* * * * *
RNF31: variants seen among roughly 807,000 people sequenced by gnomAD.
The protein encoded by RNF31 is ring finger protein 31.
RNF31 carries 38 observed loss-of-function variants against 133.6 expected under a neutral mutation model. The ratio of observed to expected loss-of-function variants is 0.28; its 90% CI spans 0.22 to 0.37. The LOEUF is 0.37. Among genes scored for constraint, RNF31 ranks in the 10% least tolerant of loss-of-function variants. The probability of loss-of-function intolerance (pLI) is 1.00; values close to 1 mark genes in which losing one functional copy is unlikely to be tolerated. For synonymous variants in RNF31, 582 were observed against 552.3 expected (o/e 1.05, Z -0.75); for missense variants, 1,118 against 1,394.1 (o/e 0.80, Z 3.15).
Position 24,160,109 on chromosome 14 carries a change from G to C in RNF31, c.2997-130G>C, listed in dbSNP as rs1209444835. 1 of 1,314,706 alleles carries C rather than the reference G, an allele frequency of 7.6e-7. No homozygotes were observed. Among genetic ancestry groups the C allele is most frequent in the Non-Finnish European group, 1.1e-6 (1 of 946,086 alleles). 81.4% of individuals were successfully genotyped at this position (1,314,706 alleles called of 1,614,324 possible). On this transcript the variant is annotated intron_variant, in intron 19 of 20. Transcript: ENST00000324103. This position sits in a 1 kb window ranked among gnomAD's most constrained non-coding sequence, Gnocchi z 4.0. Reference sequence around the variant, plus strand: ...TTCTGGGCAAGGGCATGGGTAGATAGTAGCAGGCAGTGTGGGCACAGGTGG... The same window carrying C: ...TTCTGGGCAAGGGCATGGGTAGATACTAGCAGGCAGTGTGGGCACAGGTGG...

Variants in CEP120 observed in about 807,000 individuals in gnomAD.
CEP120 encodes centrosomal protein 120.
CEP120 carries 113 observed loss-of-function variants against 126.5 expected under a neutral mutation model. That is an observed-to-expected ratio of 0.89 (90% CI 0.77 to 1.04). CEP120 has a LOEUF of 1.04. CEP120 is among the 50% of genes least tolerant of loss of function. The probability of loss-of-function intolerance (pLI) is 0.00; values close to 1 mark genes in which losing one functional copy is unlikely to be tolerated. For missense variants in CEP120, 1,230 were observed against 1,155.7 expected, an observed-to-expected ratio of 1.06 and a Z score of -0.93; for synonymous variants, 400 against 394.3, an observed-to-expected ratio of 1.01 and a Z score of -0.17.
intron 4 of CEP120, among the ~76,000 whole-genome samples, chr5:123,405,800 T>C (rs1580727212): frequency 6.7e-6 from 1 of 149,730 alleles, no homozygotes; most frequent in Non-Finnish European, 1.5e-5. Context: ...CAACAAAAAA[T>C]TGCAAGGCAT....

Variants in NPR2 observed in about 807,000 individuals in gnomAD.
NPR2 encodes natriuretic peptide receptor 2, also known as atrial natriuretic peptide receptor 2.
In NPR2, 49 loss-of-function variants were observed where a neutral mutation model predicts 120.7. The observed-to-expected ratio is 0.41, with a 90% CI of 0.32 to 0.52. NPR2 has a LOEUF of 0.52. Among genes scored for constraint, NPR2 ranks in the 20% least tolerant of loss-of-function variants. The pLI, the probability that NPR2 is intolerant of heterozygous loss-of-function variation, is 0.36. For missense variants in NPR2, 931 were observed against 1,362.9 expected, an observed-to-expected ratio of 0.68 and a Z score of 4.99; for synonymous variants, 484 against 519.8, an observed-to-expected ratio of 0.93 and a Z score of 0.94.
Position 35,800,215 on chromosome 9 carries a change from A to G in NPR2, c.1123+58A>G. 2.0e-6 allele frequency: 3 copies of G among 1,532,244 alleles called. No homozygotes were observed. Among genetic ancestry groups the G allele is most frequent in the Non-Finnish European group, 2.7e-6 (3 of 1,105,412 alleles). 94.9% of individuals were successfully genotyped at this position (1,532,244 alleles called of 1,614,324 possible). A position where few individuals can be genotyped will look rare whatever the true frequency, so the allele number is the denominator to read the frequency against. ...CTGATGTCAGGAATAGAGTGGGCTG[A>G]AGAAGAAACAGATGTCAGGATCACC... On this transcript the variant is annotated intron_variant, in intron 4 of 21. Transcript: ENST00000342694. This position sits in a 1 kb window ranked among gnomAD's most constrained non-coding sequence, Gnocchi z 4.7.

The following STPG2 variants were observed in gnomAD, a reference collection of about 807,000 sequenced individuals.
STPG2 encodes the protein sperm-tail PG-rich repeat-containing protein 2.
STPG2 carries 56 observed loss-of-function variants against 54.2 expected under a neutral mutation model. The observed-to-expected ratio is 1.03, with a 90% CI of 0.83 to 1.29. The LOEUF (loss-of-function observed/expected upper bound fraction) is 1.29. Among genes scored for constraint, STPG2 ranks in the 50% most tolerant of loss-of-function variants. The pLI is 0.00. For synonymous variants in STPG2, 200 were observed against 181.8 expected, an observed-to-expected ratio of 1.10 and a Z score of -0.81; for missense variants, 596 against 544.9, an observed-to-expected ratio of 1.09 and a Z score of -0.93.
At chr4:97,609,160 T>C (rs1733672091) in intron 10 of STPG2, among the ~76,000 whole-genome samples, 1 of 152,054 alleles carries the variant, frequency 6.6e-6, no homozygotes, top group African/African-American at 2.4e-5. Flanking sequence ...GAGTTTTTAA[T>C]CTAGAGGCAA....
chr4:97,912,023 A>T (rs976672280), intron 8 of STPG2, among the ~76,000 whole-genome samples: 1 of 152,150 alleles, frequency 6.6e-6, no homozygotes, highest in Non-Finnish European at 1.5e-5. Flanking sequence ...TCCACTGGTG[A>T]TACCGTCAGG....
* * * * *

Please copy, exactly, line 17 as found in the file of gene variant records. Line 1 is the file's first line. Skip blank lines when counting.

chr4:97,912,023 A>T (rs976672280), intron 8 of STPG2, among the ~76,000 whole-genome samples: 1 of 152,150 alleles, frequency 6.6e-6, no homozygotes, highest in Non-Finnish European at 1.5e-5. Flanking sequence ...TCCACTGGTG[A>T]TACCGTCAGG....